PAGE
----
Caenorhabditis briggsae




Rev 09/17/2022

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    Caenorhabditis briggsae (Dougherty and Nigon, 1949), Dougherty, 1955

Ellsworth C. Dougherty first recognized the potential of C. briggsae, which had been found by Margaret Briggs in a pile of leaves on the campus of Stanford University in Palo Alto, California, in 1944 and used in her MS studies under the direction of Dr. Arthur C. Giese (Briggs, 1946; Gochnauer, 2004). Briggs studied the lifecycle of what she identified as Rhabditis sp. in association with bacteria and in various culture media devoid of other organisms.  She showed that the population could not be sustained in the absence of bacteria or even on dead bacterial cells; living bacteria were a necessary food source.  However, survival of individuals was greater on some bacteria-free media than others.

Dougherty was alerted to the work of Margaret Briggs by George Wells Beadle of Stanford University (Gochnauer, 2004).  Beadle and his colleague, Edward Tatum, were two of three Nobel laureates in medicine in 1958.  Their 1941 paper on genetic control of biochemical reactions in the bread mold, Neurospora, validated the one-gene, one-enzyme hypothesis that became a cornerstone of biochemical genetics.

Later (1949), Dougherty and Victor Nigon of France described the nematode used by Briggs as Rhabditis briggsae (Dougherty and Nigon, 1949) which was subsequently placed in the subgenus Caenorhabditis by Osche (1952) and then raised to generic status by Dougherty (1955).

Margaret Briggs went on to complete a PhD in 1950 at the University of Wiscosin, Madison under the direction of Dr. Liz McCoy.  Later, she worked at Woods Hole, married and became Margaret Briggs Gochnauer (Gochnauer, 2004).  Her PhD research was on responses of R. briggsae to antibiotics (Gochnauer and McCoy, 1954) .

The name of the nematode is a blend of Greek and Latin (Caeno, recent; rhabditis, rod-like; briggsae: after Margaret Briggs who found the nematode.).

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Morphology and Anatomy:


Morphology and Anatomy:

  • Self-fertilizing protandrous hermaphrodites predominate in a population.
  • Stoma long and tubular, cuticle lined, constricted inward at the posterior end in three bulges, each with two widely-spaced teeth.
  • Hermaphrodite tail elongate, conical, with paired postanal phasmids.
  • Hermaphrodite is digonic with vulva at about 51% of body length.  Length 1250-1400 µm. width 70-90 µm.
  • Male slender with bursa supported by three groups of three rays on each side; paired spicules are not fused at tips. Length 825-890 µm. width 45-50 µm.

Sources: Fatt (1961), Nigon, (1949).



Reported median body size for this species (Length mm; width micrometers; weight micrograms) - Click:




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Bacteria; laboratory cultures are usually maintained on Escherichia coli OP50 (a gram negative rod-shaped bacterium) maintained on defined media: NGM (= nematode growth medium):


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Biology and Ecology:

Dougherty studied the nutritional requirements and axenic cultivation of Caenorhabditis species, particularly C. briggsae, until his death in 1965. In the course of his studies, Dougherty recognized the potential for using C. briggsae in studies of genetics and developmental biology because of ease of culture and maintenance, different reproductive patterns (hermaphroditism and sexual), few chromosomes, fewer than 1000 cells, etc. Eventually, C. elegans was selected as the model species for all the same reasons and because it was considered more common in nature.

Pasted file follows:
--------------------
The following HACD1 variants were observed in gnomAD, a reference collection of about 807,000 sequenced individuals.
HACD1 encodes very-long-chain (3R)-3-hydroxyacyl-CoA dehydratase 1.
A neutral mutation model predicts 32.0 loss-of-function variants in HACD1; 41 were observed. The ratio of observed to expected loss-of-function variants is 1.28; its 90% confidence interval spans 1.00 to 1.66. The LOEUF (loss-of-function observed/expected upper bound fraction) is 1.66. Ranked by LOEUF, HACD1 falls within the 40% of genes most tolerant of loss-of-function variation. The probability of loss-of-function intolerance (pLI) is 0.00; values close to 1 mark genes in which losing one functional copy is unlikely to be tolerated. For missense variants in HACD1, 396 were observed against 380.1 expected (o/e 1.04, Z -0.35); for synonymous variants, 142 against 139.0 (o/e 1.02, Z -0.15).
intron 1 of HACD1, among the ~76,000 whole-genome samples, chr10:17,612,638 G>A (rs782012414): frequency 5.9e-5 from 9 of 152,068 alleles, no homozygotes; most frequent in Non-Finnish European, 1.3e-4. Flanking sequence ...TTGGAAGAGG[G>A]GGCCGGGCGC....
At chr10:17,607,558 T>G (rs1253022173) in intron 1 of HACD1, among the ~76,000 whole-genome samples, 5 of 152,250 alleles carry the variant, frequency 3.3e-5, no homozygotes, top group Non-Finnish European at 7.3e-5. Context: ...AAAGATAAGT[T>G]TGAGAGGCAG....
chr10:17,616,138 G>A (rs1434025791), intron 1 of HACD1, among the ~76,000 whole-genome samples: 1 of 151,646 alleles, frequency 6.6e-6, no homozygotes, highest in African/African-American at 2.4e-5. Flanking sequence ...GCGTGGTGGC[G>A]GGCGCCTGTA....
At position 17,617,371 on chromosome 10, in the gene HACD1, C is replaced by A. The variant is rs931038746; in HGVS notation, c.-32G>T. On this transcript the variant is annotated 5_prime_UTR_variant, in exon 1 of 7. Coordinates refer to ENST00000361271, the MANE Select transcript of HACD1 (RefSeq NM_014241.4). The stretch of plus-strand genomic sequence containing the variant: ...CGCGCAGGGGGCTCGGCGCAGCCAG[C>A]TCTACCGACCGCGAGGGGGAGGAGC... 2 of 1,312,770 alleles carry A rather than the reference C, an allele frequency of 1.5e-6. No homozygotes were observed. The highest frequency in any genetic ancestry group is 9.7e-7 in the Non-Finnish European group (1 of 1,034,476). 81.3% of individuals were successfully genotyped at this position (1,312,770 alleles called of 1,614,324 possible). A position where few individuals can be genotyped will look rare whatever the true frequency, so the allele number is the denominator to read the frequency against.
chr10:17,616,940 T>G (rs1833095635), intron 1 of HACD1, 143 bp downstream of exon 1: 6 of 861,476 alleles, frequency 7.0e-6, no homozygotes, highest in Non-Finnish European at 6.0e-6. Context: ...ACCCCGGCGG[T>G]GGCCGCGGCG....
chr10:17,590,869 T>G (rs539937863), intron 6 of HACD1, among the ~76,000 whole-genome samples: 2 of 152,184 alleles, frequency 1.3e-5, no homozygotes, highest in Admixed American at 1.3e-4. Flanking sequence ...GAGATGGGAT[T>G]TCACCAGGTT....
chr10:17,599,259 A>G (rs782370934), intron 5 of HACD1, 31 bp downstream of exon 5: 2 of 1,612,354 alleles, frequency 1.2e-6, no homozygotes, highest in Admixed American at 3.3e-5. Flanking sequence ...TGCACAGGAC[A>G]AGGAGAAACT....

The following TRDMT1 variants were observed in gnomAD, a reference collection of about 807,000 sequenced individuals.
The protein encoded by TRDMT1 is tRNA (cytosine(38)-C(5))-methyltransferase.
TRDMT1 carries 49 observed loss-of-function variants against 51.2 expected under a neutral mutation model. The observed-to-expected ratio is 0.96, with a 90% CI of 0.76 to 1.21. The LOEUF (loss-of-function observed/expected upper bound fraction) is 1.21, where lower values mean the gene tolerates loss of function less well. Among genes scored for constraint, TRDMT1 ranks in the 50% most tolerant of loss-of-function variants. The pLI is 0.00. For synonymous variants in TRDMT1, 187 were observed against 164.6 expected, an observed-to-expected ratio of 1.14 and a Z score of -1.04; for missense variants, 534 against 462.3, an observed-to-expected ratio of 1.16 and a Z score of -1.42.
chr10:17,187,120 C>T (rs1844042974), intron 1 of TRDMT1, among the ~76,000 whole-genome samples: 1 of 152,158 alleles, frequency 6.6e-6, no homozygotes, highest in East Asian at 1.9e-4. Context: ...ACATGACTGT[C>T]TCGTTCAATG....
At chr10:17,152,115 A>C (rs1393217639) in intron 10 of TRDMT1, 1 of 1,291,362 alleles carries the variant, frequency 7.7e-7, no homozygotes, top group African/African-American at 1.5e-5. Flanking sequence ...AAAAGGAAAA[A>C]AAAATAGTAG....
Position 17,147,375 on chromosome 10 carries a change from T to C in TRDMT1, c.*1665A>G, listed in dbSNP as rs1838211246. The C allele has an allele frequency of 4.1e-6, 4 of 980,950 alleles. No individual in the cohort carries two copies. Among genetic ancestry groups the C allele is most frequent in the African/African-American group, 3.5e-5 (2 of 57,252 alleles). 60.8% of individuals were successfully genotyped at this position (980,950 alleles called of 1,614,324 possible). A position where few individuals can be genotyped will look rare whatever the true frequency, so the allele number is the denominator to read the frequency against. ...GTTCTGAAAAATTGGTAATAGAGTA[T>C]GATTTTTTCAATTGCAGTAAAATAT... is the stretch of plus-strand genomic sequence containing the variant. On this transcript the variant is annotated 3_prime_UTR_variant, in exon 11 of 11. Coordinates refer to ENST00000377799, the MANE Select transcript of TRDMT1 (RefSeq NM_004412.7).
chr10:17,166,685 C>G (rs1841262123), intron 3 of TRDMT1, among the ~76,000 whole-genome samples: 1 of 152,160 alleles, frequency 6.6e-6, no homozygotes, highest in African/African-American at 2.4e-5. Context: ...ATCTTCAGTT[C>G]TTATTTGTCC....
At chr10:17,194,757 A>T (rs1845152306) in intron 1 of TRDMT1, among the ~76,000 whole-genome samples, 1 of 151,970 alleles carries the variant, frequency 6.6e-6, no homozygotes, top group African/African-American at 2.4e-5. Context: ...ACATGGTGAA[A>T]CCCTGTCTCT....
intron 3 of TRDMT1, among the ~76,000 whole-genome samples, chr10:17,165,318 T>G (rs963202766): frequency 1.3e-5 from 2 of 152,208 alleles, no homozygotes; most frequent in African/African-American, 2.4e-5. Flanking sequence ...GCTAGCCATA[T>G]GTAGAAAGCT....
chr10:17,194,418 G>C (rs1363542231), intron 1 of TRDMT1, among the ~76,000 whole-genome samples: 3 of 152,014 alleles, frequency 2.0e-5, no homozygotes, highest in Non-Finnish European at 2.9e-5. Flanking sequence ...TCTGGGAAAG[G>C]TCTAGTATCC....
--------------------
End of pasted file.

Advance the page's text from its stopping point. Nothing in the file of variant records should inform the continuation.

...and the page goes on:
Interestingly, until the mid 1970s, people working in developmental biology frequently confused C. briggsae and C. elegans and many of the cultures being used were mis-identified. In the mid 1970s, graduate student Paul Friedman working with Ed Platzer at UC Riverside developed the diagnostic criteria for separating the two species and resolved the confusion (Friedman et al, 1977).

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Life Cycle:

Ecophysiological Parameters:

For Ecophysiological Parameters for this species, click If species level data are not available, click for genus level parameters

Reproductive Strategies:


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Ecosystem Functions and Services:


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Briggs, M.P. 1946.  Culture methods for a free-living soil nematode.  MA Thesis, Stanford University, 63p.

Dougherty, E.C. and V. Nigon. 1949. A new species of the free-living nematode genus Rhabditis of interest in comparative physiology and genetics. J. Parasitol. 35: 11.
Dougherty, E.C.,  E.L. Hansen, W.L. Nicholas, J.A. Mollett, and E.A. Yarwood. 1959. Axenic cultivation of Caenorhabditis briggsae (Nematoda: Rhabditidae) with unsupplemented and supplemented chemically defined media. Ann. N.Y. Acad. Sci. 77: 176-217.
Friedman, P.A., E.G. Platzer, and J.E. Eby. 1977. Species differentiation in C. briggsae and C. elegans. J. Nematol. 9: 197-203.
Gochnauer, M.B. and E. McCoy. 1954. Responses of a soil nematode, R. briggsae, to antibiotics. J. Exp. Zool. 125:377-406.

Gochnauer, N. 2004. (Daughter of Margaret Briggs Gochnauer), personal communication.

Nicholas, W.L., E.C. Dougherty, and E.L. Hansen. 1959. Axenic cultivation of C. briggsae (Nematoda: Rhabditidae) with chemically undefined supplements; comparative studies with related nematodes. Ann. N.Y. Acad. Sci. 77: 218-236.

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Copyright © 1999 by Howard Ferris.
Revised: September 17, 2022.